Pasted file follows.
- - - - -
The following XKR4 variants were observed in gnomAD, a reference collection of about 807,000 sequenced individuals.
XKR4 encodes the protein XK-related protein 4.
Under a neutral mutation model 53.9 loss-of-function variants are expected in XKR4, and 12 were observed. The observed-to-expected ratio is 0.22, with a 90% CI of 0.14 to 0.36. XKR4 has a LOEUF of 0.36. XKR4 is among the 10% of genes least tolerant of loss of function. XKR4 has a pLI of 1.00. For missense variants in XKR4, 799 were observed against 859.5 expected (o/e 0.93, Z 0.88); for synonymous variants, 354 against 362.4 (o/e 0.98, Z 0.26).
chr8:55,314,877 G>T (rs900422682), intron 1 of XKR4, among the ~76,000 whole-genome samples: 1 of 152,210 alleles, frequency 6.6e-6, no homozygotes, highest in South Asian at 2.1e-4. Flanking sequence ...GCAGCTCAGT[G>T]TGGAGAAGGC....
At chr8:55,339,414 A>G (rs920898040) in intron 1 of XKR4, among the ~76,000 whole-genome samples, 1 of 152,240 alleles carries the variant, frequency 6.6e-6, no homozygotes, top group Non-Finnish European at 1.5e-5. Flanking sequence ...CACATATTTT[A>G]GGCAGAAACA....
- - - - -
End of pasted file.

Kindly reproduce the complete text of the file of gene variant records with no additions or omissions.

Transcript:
The following XKR4 variants were observed in gnomAD, a reference collection of about 807,000 sequenced individuals.
XKR4 encodes the protein XK-related protein 4.
Under a neutral mutation model 53.9 loss-of-function variants are expected in XKR4, and 12 were observed. The observed-to-expected ratio is 0.22, with a 90% CI of 0.14 to 0.36. XKR4 has a LOEUF of 0.36. XKR4 is among the 10% of genes least tolerant of loss of function. XKR4 has a pLI of 1.00. For missense variants in XKR4, 799 were observed against 859.5 expected (o/e 0.93, Z 0.88); for synonymous variants, 354 against 362.4 (o/e 0.98, Z 0.26).
chr8:55,314,877 G>T (rs900422682), intron 1 of XKR4, among the ~76,000 whole-genome samples: 1 of 152,210 alleles, frequency 6.6e-6, no homozygotes, highest in South Asian at 2.1e-4. Flanking sequence ...GCAGCTCAGT[G>T]TGGAGAAGGC....
At chr8:55,339,414 A>G (rs920898040) in intron 1 of XKR4, among the ~76,000 whole-genome samples, 1 of 152,240 alleles carries the variant, frequency 6.6e-6, no homozygotes, top group Non-Finnish European at 1.5e-5. Flanking sequence ...CACATATTTT[A>G]GGCAGAAACA....